With the Hawks set to draft a big name forward in the draft, we don’t know about Taurean’s future with the team. Drafting a big name forward, with our already crowded back court, might hurt his growth and minutes which is why most fans see a trade. He is not a lockdown defender, nor the fastest or biggest forward and can struggle to find his offense against elite defenders. Either way, we love Taurean with this team and hope he can play the last year of his rookie deal. If he’s not with us next year, his growth and skill showed he’ll be a solid player in this league for years to come.
Music blasts from the speakers and dozens of preteens dribble basketballs as Taurean Prince enters the gym of South Atlanta High School. This is just one of many camps that the Atlanta Hawks forward and his father, Anthony, conduct each year, both in Atlanta and in their home town of San Antonio, Texas.
Prince circles the gym, greeting each parent watching from the bleachers-and there are quite a few of them-and personally thanking each one of them for bringing their child to learn basketball and life lessons from an NBA player for the day.
Why are these community events so meaningful for Prince?
“I think it’s because of my upbringing, just not having everything that I always wanted,” he explains. “I never had somebody to come in my town every year and give back to us and give us a vision as far as where we could go.”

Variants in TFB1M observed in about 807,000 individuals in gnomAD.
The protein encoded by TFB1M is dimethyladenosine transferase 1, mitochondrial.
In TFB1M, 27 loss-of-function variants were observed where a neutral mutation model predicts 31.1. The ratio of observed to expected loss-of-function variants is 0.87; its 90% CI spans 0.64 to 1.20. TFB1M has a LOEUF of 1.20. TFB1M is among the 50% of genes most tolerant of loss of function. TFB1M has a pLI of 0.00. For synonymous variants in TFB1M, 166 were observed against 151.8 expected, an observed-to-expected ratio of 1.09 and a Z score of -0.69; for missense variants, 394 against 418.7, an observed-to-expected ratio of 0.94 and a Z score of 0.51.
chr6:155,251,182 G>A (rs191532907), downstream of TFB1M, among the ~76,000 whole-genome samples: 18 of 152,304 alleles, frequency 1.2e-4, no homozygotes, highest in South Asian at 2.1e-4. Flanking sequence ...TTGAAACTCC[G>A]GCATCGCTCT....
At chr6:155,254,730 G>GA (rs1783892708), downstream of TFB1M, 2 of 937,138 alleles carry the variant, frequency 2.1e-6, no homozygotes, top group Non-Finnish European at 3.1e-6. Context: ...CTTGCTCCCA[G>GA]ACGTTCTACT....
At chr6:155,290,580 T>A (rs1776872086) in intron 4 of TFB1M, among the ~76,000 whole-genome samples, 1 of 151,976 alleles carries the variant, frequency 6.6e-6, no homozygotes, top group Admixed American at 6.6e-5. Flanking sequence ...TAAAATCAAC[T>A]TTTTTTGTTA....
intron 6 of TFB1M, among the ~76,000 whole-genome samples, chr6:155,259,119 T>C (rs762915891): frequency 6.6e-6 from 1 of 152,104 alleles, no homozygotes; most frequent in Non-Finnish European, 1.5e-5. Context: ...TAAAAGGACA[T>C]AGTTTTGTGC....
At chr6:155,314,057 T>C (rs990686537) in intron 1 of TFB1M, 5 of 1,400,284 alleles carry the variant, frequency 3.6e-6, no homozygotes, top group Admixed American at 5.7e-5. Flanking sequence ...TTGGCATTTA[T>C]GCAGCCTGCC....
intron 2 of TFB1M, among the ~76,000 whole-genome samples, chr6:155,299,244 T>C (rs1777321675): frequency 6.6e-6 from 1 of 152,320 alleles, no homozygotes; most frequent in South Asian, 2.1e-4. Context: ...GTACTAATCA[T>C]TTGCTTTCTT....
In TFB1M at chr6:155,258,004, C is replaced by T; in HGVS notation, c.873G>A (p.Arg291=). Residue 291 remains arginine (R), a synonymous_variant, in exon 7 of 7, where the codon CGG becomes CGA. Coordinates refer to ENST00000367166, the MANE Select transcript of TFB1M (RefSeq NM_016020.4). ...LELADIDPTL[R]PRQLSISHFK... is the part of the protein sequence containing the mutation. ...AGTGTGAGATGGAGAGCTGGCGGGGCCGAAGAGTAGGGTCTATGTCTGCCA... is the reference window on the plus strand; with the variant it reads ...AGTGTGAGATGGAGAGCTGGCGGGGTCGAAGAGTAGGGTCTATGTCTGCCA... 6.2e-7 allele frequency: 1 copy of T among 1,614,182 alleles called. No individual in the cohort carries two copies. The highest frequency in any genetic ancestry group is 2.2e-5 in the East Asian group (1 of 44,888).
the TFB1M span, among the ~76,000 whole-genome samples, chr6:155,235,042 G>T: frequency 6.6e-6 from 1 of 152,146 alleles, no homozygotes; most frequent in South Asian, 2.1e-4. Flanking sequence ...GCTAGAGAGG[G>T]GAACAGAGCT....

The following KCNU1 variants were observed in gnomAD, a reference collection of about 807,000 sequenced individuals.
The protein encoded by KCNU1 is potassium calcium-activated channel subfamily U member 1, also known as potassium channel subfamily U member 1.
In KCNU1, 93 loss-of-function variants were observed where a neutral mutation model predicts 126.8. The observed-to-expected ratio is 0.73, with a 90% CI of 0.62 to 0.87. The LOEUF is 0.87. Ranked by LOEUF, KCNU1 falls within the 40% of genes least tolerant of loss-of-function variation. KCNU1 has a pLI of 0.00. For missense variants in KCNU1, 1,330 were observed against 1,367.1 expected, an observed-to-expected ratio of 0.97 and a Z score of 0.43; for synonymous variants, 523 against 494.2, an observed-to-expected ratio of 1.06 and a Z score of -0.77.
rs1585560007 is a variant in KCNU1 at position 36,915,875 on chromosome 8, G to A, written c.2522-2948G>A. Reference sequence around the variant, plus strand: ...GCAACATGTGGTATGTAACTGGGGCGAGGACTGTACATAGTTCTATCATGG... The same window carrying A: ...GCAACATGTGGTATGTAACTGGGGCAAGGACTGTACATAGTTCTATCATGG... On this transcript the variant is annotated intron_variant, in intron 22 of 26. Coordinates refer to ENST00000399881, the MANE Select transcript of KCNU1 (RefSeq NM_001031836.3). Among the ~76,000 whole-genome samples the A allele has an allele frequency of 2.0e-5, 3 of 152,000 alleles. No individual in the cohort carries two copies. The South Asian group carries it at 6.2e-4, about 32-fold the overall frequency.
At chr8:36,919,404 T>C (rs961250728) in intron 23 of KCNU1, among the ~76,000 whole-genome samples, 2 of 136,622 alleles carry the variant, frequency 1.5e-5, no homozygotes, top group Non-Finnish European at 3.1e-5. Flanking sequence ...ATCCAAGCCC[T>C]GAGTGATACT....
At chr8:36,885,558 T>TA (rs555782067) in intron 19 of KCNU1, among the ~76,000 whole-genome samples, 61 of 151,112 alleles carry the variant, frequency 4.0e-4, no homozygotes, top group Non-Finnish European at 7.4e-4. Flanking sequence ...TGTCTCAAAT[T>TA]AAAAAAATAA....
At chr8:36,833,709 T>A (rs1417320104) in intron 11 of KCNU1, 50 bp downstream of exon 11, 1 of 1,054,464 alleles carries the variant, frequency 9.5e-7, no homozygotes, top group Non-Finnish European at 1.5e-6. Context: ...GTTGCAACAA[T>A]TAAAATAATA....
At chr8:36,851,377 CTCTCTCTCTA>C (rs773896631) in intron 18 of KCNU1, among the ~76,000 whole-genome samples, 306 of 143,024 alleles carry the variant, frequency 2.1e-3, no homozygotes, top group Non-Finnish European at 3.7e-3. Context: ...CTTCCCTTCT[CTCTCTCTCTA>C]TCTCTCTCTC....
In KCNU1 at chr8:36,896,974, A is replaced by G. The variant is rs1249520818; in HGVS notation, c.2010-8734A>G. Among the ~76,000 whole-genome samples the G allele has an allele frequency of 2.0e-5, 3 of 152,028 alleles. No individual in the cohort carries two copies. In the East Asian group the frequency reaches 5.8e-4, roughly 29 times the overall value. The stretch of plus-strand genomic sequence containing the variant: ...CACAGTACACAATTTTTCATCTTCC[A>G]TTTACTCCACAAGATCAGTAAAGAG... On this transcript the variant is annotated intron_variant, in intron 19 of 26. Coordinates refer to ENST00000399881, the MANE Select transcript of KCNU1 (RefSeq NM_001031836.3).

With events like this camp, he’s making sure that the next generation of kids won’t have the same experience he did.
One of the most noticeable things about Prince’s style of play is his tenacity. He dives after every lose ball. He hustles for every rebound within reach.
“I think that just comes from wanting to be very good at what I do as far as being a professional athlete,” he says. “I feel like you never know when it could all be taken from you.”
This persistence and dedication has led the 24-year old forward to becoming one of the key cogs of the new youth-led movement in Atlanta.
Prince’s journey hasn’t been easy. He and his father moved around a lot in the San Antonio area when Taurean was a kid, and at times even found themselves homeless. That unsteady home life growing up is one reason why his profile name on both Instagram and Twitter is “Forever Humble.”
“[Obstacles] are gonna come. No life is an easy life, so if you can get over every roadblock that’s thrown your way, I think it only makes you a stronger person,” he says. Roadblocks would indeed come at every turn on his path to the NBA.
Prince doesn’t remember when he first realized he had the potential to make a career out of basketball. In fact, he only started playing basketball because he didn’t want to play an outdoor sport in the Texas heat. He says, “[I was] just playing it for leisure purposes, and I really didn’t feel like I had a big chance until I went to college, seeing those coaches come in and out from the [NBA].”
Anthony Prince, however, saw his son’s star potential early on, starting with Taurean’s time in a YMCA league in Arlington. “When he was about nine years old, he could dribble at that age better than most kids could,” the elder Prince says. “It was just unbelievable what he would do with the basketball in his hands, how quickly he could take it up and down the court…He looked like he didn’t belong on the court with them.”